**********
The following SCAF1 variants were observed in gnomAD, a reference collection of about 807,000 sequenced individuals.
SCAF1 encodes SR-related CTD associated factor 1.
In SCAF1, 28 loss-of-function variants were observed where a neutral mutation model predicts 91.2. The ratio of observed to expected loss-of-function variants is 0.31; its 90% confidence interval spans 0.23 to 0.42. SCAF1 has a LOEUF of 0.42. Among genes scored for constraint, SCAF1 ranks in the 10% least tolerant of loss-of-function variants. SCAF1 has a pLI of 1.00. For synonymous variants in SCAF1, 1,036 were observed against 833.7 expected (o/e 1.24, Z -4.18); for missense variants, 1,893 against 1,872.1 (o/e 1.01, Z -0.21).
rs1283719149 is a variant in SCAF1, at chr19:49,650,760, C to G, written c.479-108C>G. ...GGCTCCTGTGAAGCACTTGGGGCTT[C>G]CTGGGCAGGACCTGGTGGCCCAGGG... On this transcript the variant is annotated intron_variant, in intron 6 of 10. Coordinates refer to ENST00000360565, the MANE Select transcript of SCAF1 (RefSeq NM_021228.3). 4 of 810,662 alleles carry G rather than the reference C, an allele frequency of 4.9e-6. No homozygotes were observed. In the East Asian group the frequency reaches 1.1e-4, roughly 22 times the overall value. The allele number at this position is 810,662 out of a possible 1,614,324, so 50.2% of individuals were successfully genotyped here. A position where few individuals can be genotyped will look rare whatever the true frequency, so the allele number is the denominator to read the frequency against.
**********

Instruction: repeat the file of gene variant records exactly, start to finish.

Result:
The following SCAF1 variants were observed in gnomAD, a reference collection of about 807,000 sequenced individuals.
SCAF1 encodes SR-related CTD associated factor 1.
In SCAF1, 28 loss-of-function variants were observed where a neutral mutation model predicts 91.2. The ratio of observed to expected loss-of-function variants is 0.31; its 90% confidence interval spans 0.23 to 0.42. SCAF1 has a LOEUF of 0.42. Among genes scored for constraint, SCAF1 ranks in the 10% least tolerant of loss-of-function variants. SCAF1 has a pLI of 1.00. For synonymous variants in SCAF1, 1,036 were observed against 833.7 expected (o/e 1.24, Z -4.18); for missense variants, 1,893 against 1,872.1 (o/e 1.01, Z -0.21).
rs1283719149 is a variant in SCAF1, at chr19:49,650,760, C to G, written c.479-108C>G. ...GGCTCCTGTGAAGCACTTGGGGCTT[C>G]CTGGGCAGGACCTGGTGGCCCAGGG... On this transcript the variant is annotated intron_variant, in intron 6 of 10. Coordinates refer to ENST00000360565, the MANE Select transcript of SCAF1 (RefSeq NM_021228.3). 4 of 810,662 alleles carry G rather than the reference C, an allele frequency of 4.9e-6. No homozygotes were observed. In the East Asian group the frequency reaches 1.1e-4, roughly 22 times the overall value. The allele number at this position is 810,662 out of a possible 1,614,324, so 50.2% of individuals were successfully genotyped here. A position where few individuals can be genotyped will look rare whatever the true frequency, so the allele number is the denominator to read the frequency against.